Back to Vintage
Everywhere you go, vintage fashion is all the rage. It's now even sold in high street, high-fashion shops - not just in specialist boutiques.
Found a gorgeous retro wedding dress and want to know what flowers will look best with it? Take inspiration from your favourite era in days gone by and re-create the vintage look in your flowers.
The main way to get this look is through the florists' technique, so make sure you find a great florist through recommendation or here. Between the 40's and 70's, florists' foam was only just coming onto the market and was very expensive, so bouquets were made from a frame of moss and wire, with all the flowers individually mounted onto wires and taped specially to retain moisture. The effect was vintage through and through, so choose your favourite era and pick a style best for you!
40's and 50's
Flowers were threaded through a moss-and-wire frame in a flamboyant 'shower' style, which looks like a huge tear-drop shape. The richer you were, the grander the shower! The most popular flowers were carnations and chrysanthemum with lots of trailing asparagus fern foliage. It's true that all things come back into fashion – chrysanthemums are enjoying a huge style revival in modern times, especially striped or big, blowsy blooms.
60's – true flower power!
More flowers were becoming available or were simply more popular with the coming of an era where celebrations always included flowers, and people enjoyed expressing themselves with floral motifs. Brides carried 'S' or crescent shaped bouquets most popularly. Some had extravagant shaped bouquets, consisting of a side 'shower' shape and flowers cascading from the other side. Modern versions can be created with grasses for the trailing effect rather than always using (occasionally stiff-looking) wired blooms. Brides had the choice of lily-of-the-valley, roses, stephanotis and freesia, so there was an emphasis on scent to add to the bride's allure. Some brides carried simpler, smaller nosegays of one or two flowers such as lily-of-the-valley and freesia.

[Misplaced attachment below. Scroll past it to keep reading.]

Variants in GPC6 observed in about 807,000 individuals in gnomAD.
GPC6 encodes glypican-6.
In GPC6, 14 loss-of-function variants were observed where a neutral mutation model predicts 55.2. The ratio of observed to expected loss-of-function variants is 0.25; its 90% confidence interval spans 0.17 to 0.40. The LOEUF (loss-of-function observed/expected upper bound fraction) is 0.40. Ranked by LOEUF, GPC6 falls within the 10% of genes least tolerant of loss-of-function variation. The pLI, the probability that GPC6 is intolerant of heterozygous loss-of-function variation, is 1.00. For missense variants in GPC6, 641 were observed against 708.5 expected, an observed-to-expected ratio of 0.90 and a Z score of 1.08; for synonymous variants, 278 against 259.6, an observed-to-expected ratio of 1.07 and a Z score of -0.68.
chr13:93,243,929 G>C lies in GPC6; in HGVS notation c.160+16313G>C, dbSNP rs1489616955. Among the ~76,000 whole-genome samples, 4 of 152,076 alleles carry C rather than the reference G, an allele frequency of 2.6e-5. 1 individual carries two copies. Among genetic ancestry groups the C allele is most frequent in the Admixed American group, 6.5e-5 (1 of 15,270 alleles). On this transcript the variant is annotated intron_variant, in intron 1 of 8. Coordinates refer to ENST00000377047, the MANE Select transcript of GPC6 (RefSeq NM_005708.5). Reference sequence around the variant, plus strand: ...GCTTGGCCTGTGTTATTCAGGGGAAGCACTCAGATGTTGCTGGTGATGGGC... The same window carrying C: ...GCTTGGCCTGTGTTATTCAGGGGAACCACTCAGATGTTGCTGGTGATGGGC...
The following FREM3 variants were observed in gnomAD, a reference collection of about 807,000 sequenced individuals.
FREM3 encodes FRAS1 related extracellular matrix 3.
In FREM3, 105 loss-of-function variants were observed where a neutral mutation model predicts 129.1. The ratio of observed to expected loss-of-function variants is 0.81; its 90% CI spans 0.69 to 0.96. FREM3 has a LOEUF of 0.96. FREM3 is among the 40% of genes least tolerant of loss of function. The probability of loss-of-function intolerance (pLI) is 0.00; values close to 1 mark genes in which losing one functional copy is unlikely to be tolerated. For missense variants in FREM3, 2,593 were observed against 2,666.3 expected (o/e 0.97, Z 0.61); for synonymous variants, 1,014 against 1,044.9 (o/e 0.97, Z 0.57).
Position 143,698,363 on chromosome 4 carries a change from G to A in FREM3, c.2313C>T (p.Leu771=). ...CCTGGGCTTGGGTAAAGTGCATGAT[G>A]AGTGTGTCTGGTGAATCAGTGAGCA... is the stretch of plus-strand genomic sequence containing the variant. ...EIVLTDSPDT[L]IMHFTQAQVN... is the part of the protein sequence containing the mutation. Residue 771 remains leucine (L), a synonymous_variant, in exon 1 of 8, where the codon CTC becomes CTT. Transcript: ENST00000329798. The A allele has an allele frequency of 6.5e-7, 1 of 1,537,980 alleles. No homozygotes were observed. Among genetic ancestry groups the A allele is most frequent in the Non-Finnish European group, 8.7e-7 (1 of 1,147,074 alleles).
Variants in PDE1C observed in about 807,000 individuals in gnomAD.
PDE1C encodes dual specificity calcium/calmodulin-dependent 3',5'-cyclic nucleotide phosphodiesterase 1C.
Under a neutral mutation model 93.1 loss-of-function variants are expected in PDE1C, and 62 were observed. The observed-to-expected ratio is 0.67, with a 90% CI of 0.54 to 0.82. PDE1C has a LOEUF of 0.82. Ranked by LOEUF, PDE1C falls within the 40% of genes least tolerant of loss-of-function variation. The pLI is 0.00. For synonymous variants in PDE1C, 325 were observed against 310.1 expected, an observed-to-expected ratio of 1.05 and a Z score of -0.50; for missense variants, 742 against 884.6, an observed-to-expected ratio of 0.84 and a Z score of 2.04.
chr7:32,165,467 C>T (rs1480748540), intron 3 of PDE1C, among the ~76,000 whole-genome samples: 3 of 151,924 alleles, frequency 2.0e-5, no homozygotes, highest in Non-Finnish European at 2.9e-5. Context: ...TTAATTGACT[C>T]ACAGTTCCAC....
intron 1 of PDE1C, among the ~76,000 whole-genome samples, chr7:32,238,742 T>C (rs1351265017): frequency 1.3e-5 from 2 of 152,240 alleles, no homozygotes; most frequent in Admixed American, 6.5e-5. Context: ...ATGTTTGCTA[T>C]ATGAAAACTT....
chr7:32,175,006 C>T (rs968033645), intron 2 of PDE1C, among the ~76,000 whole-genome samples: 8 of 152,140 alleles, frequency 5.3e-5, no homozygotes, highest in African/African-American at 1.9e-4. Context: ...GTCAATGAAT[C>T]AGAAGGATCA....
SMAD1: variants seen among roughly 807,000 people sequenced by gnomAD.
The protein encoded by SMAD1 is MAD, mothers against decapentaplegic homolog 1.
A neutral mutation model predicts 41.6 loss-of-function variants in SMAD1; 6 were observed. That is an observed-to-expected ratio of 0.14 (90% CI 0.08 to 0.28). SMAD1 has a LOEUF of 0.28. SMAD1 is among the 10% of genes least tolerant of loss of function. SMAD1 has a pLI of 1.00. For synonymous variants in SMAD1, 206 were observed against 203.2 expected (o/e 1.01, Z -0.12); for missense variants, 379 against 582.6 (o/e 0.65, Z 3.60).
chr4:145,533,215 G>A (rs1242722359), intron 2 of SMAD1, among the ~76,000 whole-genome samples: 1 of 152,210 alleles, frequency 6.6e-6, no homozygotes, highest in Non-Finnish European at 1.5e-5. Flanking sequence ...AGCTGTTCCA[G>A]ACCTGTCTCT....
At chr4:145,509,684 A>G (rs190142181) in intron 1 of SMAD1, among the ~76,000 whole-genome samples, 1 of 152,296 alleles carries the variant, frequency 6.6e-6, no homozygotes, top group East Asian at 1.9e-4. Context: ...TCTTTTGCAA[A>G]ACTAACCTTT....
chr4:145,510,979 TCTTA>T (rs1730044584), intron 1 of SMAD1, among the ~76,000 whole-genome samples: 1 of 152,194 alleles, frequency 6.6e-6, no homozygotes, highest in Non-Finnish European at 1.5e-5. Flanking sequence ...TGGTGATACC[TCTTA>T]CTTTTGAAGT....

Bridesmaids' bouquets were what is known as a Victorian posy, with flowers arranged in concentric circles. The central flower would be a rose, then a carnation would be 'feathered' (where the petals are carefully removed and wired into pretty florets) and placed in a ring around that. Then there would be a ring of hyacinth buds, then more feathered carnation. A lot of technical skill from the florist who made it!
Gents always had carnation button holes and ladies always wore orchids.
There's so much choice now, isn't it fabulous you can choose your flowers to match your style, theme and colouring?
Bouquets were moving from all white to more colourful arrangements. The most popular styles were a smaller version of the shower from the 40's and 50's. Peaches and oranges were popular colour themes and bigger, blowsier blooms like dahlia and carnations were being used.
Everything was bright, big, and flashy! Lilies became popular as wedding flowers, especially stargazer lilies (which are white with a pink stripe down the centre). Wedding flowers were more abundant as people began to spend more on weddings, so there began the fashion for a more mixed bouquet of many types of flowers such as Diana's bouquet of roses, orchids, freesia and stephanotis. Big shower bouquets were popular.
The early 90's still resembled the 80's, with fairytale, puffy-sleeved gowns and blowsy shower bouquets. The later part of the 90's saw the rise of the handtie, with flowers being more natural, and more varied and unusual choices for wedding flowers such as sunflowers and garden-type flowers. The bouquet shape in contrast became more compact and modern, often using one type of flower such as roses or peonies (in a tight bunch); and this is still a very fashionable look for today.
Top tip: if your favourite era is the same as when your Mother or even Grandmother got married in, have a memento from their wedding like lace from their dress or a brooch incorporated into your bouquet.